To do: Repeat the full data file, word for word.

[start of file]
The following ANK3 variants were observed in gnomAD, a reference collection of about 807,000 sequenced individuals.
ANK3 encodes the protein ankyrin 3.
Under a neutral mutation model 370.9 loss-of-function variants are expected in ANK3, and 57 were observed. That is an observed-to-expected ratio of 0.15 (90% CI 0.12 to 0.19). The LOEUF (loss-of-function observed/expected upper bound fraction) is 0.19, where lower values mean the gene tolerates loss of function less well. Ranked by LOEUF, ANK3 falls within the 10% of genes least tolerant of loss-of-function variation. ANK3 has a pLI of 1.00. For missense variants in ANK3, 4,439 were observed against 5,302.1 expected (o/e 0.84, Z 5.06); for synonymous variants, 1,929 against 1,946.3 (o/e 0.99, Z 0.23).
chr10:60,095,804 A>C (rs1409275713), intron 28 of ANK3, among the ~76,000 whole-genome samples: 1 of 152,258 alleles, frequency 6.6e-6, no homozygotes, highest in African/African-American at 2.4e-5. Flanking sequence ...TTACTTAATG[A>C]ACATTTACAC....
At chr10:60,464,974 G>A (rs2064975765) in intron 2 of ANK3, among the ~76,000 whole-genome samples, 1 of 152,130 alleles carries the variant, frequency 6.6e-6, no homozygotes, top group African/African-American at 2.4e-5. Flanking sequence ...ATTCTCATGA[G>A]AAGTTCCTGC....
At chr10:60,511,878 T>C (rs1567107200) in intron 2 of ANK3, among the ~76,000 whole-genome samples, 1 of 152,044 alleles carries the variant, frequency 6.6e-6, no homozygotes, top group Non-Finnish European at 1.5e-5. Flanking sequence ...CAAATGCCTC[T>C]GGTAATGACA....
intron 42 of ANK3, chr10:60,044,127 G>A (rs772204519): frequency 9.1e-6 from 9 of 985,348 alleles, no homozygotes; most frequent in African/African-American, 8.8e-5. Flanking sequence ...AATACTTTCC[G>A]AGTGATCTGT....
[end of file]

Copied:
The following ANK3 variants were observed in gnomAD, a reference collection of about 807,000 sequenced individuals.
ANK3 encodes the protein ankyrin 3.
Under a neutral mutation model 370.9 loss-of-function variants are expected in ANK3, and 57 were observed. That is an observed-to-expected ratio of 0.15 (90% CI 0.12 to 0.19). The LOEUF (loss-of-function observed/expected upper bound fraction) is 0.19, where lower values mean the gene tolerates loss of function less well. Ranked by LOEUF, ANK3 falls within the 10% of genes least tolerant of loss-of-function variation. ANK3 has a pLI of 1.00. For missense variants in ANK3, 4,439 were observed against 5,302.1 expected (o/e 0.84, Z 5.06); for synonymous variants, 1,929 against 1,946.3 (o/e 0.99, Z 0.23).
chr10:60,095,804 A>C (rs1409275713), intron 28 of ANK3, among the ~76,000 whole-genome samples: 1 of 152,258 alleles, frequency 6.6e-6, no homozygotes, highest in African/African-American at 2.4e-5. Flanking sequence ...TTACTTAATG[A>C]ACATTTACAC....
At chr10:60,464,974 G>A (rs2064975765) in intron 2 of ANK3, among the ~76,000 whole-genome samples, 1 of 152,130 alleles carries the variant, frequency 6.6e-6, no homozygotes, top group African/African-American at 2.4e-5. Flanking sequence ...ATTCTCATGA[G>A]AAGTTCCTGC....
At chr10:60,511,878 T>C (rs1567107200) in intron 2 of ANK3, among the ~76,000 whole-genome samples, 1 of 152,044 alleles carries the variant, frequency 6.6e-6, no homozygotes, top group Non-Finnish European at 1.5e-5. Flanking sequence ...CAAATGCCTC[T>C]GGTAATGACA....
intron 42 of ANK3, chr10:60,044,127 G>A (rs772204519): frequency 9.1e-6 from 9 of 985,348 alleles, no homozygotes; most frequent in African/African-American, 8.8e-5. Flanking sequence ...AATACTTTCC[G>A]AGTGATCTGT....